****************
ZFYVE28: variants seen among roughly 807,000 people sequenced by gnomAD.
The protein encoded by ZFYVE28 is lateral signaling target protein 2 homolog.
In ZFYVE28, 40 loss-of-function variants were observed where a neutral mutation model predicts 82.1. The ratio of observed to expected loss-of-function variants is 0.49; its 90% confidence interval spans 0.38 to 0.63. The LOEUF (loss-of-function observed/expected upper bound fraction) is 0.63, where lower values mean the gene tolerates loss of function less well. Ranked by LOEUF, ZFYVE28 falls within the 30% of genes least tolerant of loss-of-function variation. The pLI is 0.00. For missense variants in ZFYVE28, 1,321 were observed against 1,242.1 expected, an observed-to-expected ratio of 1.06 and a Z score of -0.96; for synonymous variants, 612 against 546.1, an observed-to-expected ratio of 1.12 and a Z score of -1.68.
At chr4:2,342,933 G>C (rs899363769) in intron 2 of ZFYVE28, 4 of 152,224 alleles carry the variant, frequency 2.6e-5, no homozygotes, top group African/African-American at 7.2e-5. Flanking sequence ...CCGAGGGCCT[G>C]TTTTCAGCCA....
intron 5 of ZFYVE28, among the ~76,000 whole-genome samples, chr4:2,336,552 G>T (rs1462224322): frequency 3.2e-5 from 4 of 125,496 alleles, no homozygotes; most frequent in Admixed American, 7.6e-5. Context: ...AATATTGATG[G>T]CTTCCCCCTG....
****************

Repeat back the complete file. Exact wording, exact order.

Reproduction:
ZFYVE28: variants seen among roughly 807,000 people sequenced by gnomAD.
The protein encoded by ZFYVE28 is lateral signaling target protein 2 homolog.
In ZFYVE28, 40 loss-of-function variants were observed where a neutral mutation model predicts 82.1. The ratio of observed to expected loss-of-function variants is 0.49; its 90% confidence interval spans 0.38 to 0.63. The LOEUF (loss-of-function observed/expected upper bound fraction) is 0.63, where lower values mean the gene tolerates loss of function less well. Ranked by LOEUF, ZFYVE28 falls within the 30% of genes least tolerant of loss-of-function variation. The pLI is 0.00. For missense variants in ZFYVE28, 1,321 were observed against 1,242.1 expected, an observed-to-expected ratio of 1.06 and a Z score of -0.96; for synonymous variants, 612 against 546.1, an observed-to-expected ratio of 1.12 and a Z score of -1.68.
At chr4:2,342,933 G>C (rs899363769) in intron 2 of ZFYVE28, 4 of 152,224 alleles carry the variant, frequency 2.6e-5, no homozygotes, top group African/African-American at 7.2e-5. Flanking sequence ...CCGAGGGCCT[G>C]TTTTCAGCCA....
intron 5 of ZFYVE28, among the ~76,000 whole-genome samples, chr4:2,336,552 G>T (rs1462224322): frequency 3.2e-5 from 4 of 125,496 alleles, no homozygotes; most frequent in Admixed American, 7.6e-5. Context: ...AATATTGATG[G>T]CTTCCCCCTG....